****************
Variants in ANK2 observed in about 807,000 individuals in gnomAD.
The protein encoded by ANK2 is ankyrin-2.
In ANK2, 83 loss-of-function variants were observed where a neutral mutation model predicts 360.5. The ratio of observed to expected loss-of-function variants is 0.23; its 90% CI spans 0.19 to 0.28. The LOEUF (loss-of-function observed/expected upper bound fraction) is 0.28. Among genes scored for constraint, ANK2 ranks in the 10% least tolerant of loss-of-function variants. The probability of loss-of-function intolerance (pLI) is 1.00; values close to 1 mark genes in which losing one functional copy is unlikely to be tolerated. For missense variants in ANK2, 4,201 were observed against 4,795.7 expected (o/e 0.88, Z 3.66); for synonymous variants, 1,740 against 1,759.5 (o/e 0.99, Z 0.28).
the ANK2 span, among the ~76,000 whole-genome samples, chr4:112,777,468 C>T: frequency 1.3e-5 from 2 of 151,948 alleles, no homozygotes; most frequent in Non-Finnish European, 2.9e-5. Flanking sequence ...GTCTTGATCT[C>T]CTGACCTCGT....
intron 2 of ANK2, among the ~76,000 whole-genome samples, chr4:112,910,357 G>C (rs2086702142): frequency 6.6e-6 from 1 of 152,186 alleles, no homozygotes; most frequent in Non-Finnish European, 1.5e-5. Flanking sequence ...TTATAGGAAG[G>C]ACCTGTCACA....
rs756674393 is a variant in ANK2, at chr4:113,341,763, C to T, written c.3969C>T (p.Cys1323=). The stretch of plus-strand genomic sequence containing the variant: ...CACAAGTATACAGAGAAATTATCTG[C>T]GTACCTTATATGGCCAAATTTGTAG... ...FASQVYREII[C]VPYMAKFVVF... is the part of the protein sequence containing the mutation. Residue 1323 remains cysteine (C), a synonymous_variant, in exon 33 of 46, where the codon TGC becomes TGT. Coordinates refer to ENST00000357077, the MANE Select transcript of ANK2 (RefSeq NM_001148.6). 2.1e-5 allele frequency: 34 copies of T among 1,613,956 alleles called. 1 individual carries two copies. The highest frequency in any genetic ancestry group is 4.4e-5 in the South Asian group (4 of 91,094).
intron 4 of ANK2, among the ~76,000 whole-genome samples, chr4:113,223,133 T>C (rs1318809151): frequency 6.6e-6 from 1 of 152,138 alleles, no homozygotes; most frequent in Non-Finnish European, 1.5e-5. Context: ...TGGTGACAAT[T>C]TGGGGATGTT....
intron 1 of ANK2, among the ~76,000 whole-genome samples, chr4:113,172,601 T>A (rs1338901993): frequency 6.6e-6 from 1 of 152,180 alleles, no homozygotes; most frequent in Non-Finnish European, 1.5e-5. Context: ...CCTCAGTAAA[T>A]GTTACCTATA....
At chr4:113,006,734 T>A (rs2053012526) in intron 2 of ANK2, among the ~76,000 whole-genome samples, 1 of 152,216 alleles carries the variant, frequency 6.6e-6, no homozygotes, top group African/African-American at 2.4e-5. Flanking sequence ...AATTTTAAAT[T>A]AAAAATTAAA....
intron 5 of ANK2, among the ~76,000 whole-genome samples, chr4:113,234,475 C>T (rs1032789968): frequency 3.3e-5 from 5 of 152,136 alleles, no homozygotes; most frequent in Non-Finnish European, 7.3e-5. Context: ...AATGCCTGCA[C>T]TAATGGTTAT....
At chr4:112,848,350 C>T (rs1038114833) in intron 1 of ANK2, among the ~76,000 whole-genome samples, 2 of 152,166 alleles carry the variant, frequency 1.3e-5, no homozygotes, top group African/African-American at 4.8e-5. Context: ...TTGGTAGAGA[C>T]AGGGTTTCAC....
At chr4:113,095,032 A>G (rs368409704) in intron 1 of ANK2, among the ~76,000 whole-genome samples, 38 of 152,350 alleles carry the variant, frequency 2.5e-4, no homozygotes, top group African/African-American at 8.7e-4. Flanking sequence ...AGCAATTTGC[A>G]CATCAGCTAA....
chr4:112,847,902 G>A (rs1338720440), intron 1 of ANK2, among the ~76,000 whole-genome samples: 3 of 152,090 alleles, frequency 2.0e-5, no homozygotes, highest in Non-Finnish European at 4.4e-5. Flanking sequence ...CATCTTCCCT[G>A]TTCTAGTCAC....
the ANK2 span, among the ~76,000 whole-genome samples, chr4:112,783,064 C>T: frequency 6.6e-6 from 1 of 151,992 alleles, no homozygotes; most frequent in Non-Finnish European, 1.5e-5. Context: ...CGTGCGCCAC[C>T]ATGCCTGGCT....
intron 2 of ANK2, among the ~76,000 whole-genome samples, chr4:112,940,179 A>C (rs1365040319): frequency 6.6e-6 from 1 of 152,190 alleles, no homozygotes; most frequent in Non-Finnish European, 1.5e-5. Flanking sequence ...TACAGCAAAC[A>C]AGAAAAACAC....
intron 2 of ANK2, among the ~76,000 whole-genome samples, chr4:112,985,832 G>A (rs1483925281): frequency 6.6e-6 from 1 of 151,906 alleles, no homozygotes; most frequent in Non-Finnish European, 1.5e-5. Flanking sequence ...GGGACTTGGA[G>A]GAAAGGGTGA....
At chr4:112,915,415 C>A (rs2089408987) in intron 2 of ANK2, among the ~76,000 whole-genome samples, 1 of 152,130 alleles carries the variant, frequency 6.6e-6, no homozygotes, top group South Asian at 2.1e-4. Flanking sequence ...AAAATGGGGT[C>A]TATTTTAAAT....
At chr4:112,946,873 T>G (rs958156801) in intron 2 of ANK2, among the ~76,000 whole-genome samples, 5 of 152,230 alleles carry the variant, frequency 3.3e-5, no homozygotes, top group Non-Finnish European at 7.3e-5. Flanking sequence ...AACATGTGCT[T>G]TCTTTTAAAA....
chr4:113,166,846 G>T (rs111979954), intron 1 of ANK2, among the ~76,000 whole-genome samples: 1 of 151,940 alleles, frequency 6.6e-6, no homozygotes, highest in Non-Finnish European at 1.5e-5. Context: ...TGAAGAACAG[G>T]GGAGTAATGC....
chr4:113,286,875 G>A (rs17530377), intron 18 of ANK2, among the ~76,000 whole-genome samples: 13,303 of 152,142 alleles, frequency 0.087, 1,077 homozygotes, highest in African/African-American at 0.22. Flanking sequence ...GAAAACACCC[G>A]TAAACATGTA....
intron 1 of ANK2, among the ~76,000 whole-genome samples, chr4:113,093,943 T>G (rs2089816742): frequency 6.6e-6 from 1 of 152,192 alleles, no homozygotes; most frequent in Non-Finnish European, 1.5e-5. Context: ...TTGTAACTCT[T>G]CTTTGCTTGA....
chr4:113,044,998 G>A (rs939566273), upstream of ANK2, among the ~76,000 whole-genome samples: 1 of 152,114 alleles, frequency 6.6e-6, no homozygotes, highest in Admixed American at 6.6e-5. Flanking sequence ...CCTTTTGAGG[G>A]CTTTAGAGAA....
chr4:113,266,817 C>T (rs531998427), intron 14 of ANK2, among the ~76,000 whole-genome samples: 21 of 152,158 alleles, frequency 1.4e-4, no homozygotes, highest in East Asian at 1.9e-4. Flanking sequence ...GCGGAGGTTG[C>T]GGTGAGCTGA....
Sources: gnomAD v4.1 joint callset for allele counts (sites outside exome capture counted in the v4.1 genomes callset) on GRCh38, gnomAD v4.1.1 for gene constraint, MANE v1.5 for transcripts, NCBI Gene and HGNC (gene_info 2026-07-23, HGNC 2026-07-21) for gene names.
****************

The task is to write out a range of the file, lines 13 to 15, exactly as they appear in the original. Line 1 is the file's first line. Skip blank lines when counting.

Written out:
chr4:112,847,902 G>A (rs1338720440), intron 1 of ANK2, among the ~76,000 whole-genome samples: 3 of 152,090 alleles, frequency 2.0e-5, no homozygotes, highest in Non-Finnish European at 4.4e-5. Flanking sequence ...CATCTTCCCT[G>A]TTCTAGTCAC....
the ANK2 span, among the ~76,000 whole-genome samples, chr4:112,783,064 C>T: frequency 6.6e-6 from 1 of 151,992 alleles, no homozygotes; most frequent in Non-Finnish European, 1.5e-5. Context: ...CGTGCGCCAC[C>T]ATGCCTGGCT....
intron 2 of ANK2, among the ~76,000 whole-genome samples, chr4:112,940,179 A>C (rs1365040319): frequency 6.6e-6 from 1 of 152,190 alleles, no homozygotes; most frequent in Non-Finnish European, 1.5e-5. Flanking sequence ...TACAGCAAAC[A>C]AGAAAAACAC....